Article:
Vivek Ramaswamy Thinks Biden is ‘Deflecting Reality’ By Visiting Michigan For The UAW Strikes
In a bold and unapologetic critique, GOP presidential candidate Vivek Ramaswamy has criticized Biden’s upcoming visit to Michigan, where the latter plans to express solidarity with striking auto workers. Ramaswamy, a conservative entrepreneur, has alleged Biden is employing a 'smokescreen to deflect reality' with his visit. Ramaswamy’s blistering remarks come at the time of Biden’s announcement that he wishes to travel to Detroit in support of the United Auto Workers’ (UAW) strike.
Biden, who has declared himself as a pro-union president, stated on X (previously known as Twitter), "Tuesday, I'll go to Michigan to join the picket line and stand in solidarity with the men and women of UAW as they fight for a fair share of the value they helped create. It's time for a win-win agreement that keeps American auto manufacturing thriving with well-paid UAW jobs."
Tuesday, I’ll go to Michigan to join the picket line and stand in solidarity with the men and women of UAW as they fight for a fair share of the value they helped create.— President Biden (@POTUS) September 22, 2023
It’s time for a win-win agreement that keeps American auto manufacturing thriving with well-paid UAW jobs.
However, Ramaswamy posted on X, “Biden’s trip to ‘protest’ in Michigan is a smokescreen to deflect reality & the UAW strike is just a symptom of the deeper problem: a trifecta of rising prices + rising interest rates + stagnant wages,” Moreover, Ramaswamy also cast doubt on Biden’s intentions, declaring that the president’s economic policies have played a major part to the strike’s occurrence. He firmly asserted, "American workers deserve answers for horrendous economic policies & 'civil service protections' enjoyed by federal bureaucrats that ordinary workers don't get. The picket line we need is in D.C., not Detroit. That's the hard TRUTH."
Biden’s trip to “protest” in Michigan is a smokescreen to deflect reality & the UAW strike is just a symptom of the deeper problem: a trifecta of rising prices + rising interest rates + stagnant wages. American workers deserve answers for horrendous economic policies & “civil…— Vivek Ramaswamy (@VivekGRamaswamy) September 23, 2023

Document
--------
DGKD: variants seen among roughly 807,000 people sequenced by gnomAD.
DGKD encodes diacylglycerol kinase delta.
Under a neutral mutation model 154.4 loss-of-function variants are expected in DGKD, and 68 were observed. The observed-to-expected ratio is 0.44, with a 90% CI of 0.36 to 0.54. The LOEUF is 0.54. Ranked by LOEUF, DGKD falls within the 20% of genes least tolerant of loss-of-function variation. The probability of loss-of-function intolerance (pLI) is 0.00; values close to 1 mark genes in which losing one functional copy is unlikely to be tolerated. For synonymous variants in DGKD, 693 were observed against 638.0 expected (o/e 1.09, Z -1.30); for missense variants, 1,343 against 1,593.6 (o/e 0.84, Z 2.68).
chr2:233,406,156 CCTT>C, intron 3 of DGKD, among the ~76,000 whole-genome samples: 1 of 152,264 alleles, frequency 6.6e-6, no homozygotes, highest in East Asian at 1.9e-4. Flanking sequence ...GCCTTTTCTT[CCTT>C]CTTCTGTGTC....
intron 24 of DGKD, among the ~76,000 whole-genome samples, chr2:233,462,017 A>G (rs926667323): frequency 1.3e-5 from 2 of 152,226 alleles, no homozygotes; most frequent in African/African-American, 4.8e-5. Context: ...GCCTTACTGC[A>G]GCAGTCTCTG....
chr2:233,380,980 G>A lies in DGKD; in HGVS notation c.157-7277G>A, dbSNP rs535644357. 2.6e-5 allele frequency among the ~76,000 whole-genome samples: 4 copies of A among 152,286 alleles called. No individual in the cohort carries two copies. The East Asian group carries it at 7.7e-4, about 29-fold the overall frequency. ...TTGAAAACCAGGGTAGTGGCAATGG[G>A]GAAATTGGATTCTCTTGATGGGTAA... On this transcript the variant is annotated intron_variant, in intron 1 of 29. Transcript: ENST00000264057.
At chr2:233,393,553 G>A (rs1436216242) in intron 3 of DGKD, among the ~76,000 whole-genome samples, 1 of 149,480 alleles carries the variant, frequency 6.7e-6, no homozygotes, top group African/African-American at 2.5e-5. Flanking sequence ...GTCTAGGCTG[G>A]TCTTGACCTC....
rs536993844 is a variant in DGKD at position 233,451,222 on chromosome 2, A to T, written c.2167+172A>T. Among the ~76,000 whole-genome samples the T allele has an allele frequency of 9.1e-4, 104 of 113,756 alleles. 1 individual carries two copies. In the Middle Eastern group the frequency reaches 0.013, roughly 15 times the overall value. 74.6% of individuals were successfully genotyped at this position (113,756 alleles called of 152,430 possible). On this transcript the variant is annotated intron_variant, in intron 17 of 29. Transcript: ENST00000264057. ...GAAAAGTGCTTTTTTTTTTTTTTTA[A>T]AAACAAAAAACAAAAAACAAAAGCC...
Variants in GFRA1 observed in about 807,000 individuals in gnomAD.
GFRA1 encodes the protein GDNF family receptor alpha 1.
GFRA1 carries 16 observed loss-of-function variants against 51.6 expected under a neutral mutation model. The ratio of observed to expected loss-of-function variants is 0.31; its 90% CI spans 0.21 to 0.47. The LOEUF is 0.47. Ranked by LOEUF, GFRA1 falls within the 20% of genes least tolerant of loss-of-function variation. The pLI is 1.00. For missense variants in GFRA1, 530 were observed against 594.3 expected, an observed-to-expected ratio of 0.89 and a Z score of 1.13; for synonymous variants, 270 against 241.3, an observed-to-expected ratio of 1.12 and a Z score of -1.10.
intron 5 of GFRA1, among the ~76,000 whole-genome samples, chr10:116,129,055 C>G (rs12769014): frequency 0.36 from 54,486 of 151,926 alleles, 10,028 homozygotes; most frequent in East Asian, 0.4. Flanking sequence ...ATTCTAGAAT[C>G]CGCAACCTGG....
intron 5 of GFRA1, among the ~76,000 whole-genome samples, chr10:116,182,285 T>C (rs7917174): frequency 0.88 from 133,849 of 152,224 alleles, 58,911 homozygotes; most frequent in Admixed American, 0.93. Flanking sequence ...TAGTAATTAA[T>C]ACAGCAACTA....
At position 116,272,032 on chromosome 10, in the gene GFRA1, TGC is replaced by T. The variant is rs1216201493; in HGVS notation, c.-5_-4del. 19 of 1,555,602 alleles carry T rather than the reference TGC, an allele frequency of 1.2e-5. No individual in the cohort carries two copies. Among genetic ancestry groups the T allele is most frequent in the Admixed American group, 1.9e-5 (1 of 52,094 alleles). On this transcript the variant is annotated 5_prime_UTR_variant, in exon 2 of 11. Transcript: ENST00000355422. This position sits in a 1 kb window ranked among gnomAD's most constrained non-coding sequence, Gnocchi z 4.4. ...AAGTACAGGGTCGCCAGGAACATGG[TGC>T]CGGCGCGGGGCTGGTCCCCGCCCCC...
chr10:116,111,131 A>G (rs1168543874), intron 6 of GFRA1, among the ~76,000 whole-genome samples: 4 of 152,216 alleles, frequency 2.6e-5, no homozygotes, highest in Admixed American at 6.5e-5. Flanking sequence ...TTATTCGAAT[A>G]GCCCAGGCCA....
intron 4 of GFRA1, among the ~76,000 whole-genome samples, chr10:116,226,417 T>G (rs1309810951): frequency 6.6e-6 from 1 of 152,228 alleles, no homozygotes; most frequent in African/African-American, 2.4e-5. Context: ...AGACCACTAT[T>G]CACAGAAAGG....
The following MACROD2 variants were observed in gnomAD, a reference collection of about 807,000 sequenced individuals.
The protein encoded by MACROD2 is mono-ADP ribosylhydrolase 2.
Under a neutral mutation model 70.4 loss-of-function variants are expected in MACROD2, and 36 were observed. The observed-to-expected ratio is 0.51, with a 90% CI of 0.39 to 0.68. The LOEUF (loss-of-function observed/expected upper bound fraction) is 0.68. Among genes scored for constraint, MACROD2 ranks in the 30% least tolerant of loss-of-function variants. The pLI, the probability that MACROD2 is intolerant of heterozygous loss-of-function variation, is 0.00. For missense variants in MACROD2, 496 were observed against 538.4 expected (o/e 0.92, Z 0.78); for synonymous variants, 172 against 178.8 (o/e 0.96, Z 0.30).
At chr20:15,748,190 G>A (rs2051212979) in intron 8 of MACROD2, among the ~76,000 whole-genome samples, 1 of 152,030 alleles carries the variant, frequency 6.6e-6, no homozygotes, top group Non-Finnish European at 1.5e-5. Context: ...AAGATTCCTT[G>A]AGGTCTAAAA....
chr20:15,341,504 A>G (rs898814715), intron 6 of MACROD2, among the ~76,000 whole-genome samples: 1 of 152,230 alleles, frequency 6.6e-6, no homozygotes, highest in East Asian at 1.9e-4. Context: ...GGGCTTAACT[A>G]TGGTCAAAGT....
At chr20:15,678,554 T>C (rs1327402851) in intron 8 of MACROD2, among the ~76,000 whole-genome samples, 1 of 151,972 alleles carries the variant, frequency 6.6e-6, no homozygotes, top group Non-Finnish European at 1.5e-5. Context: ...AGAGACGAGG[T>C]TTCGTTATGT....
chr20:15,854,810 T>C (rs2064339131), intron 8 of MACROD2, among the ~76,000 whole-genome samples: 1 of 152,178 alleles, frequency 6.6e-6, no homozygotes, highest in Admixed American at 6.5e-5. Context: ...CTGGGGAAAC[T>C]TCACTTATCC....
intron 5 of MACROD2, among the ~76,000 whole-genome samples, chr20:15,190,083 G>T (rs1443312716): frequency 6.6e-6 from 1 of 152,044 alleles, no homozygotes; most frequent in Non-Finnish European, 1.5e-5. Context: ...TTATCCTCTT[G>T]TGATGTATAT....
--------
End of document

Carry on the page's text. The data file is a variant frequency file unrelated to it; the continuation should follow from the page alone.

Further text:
Former President Donald Trump, who is also pursuing the 2024 GOP presidential nomination, shared similar emotions with Ramaswamy. Trump disagreed that the Biden administration’s propaganda holds some responsibility for the ongoing strike. He took to Truth Social to express his views, stating, "Crooked Joe sold them down the river with his ridiculous all Electric Car Hoax. Within 3 years, all of these cars will be made in China."
According to The Hill, Trump also declared his own visit to Michigan on September 27, choosing to skip the second GOP primary debate. Trump's campaign felt Biden’s trip was just a 'cheap photo op' since Biden was 'between a rock and a political hard place.' The UAW union initiated the strike just over a week ago when negotiations with the Big Three automakers—Ford, GM, and Stellantis—failed to yield a satisfactory agreement before the expiration of auto workers' contracts. On Friday, the union increased its efforts, raising the strike to over 38 locations across 28 states and urging President Biden to join their cause.
Notably, Trump and Ramaswamy are among the 12 candidates vying for the Republican nomination. Others in the race include former South Carolina Gov. Nikki Haley, former Arkansas Gov. Asa Hutchinson, former New Jersey Gov. Chris Christie, former Texas Rep. Will Hurd, former Vice President Mike Pence, Sen. Tim Scott (R-SC), Gov. Doug Burgum (R-ND), Gov. Ron DeSantis (R-FL), political commentator Larry Elder, and businessman Perry Johnson.
As per The Gazette, at the core of the UAW’s demands are higher wages and improved protections, as well as a response to the auto industry’s current transition toward electric vehicles. The UAW strike poses important economic implications, as the union’s previous strike in 2019 cost GM a whopping $3.6 billion in just six weeks. This time, the UAW is striking against all three major Detroit automakers and has a membership of 400,000 in the United States, although only some of its members are currently participating in the strike.
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